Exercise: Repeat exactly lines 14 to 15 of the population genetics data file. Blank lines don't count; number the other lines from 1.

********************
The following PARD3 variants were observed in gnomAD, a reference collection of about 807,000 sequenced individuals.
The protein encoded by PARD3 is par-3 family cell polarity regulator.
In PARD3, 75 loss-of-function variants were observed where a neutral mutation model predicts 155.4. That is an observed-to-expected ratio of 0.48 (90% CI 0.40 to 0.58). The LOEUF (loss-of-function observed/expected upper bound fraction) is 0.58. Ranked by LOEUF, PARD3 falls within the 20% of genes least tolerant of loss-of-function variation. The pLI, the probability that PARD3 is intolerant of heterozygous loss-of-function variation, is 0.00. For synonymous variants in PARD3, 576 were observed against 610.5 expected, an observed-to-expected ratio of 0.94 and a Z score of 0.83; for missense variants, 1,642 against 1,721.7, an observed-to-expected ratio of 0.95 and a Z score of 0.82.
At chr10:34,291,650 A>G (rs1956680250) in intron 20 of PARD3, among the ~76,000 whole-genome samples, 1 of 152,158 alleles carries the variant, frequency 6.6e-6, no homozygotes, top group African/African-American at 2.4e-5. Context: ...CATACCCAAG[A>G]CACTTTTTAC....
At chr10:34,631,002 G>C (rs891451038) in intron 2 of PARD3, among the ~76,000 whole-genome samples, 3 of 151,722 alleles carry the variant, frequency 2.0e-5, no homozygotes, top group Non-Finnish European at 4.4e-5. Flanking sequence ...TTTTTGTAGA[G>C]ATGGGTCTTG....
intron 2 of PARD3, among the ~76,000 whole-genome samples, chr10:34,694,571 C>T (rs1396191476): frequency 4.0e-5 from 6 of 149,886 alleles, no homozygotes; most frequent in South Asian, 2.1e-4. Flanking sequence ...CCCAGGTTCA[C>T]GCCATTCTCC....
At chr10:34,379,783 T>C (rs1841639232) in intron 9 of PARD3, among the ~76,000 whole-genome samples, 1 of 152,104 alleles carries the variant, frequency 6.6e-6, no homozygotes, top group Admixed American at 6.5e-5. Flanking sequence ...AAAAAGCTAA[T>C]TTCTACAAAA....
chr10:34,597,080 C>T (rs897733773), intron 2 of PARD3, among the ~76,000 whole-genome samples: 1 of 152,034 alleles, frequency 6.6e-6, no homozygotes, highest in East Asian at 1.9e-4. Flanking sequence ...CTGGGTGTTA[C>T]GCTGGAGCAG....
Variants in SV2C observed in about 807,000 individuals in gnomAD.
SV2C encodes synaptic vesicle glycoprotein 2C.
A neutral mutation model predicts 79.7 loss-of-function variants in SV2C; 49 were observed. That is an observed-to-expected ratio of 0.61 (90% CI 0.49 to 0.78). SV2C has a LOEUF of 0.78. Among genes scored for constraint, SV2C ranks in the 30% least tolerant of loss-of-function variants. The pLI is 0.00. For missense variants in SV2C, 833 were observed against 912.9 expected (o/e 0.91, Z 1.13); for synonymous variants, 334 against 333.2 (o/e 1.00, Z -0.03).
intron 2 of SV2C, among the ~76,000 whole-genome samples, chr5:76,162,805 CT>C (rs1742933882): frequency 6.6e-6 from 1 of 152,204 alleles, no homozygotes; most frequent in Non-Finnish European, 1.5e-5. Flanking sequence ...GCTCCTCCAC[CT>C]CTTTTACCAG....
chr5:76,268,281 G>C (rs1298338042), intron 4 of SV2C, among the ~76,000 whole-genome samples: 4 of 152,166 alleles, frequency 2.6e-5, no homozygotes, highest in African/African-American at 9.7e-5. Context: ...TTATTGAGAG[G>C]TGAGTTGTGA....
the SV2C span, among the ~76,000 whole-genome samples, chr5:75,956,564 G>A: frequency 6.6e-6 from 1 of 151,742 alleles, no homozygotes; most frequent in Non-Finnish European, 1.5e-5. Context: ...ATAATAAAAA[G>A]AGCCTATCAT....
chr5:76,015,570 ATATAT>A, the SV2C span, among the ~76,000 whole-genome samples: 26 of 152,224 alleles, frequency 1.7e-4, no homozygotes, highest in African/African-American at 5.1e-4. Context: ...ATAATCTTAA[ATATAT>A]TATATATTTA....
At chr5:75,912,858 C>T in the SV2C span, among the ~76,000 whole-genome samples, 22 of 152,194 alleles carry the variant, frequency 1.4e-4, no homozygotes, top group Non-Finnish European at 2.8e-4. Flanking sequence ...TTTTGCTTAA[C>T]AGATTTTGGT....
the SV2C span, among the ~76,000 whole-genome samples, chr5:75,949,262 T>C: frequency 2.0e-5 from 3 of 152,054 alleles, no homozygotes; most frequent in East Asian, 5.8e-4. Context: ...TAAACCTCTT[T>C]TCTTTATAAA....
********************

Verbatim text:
the SV2C span, among the ~76,000 whole-genome samples, chr5:75,956,564 G>A: frequency 6.6e-6 from 1 of 151,742 alleles, no homozygotes; most frequent in Non-Finnish European, 1.5e-5. Context: ...ATAATAAAAA[G>A]AGCCTATCAT....
chr5:76,015,570 ATATAT>A, the SV2C span, among the ~76,000 whole-genome samples: 26 of 152,224 alleles, frequency 1.7e-4, no homozygotes, highest in African/African-American at 5.1e-4. Context: ...ATAATCTTAA[ATATAT>A]TATATATTTA....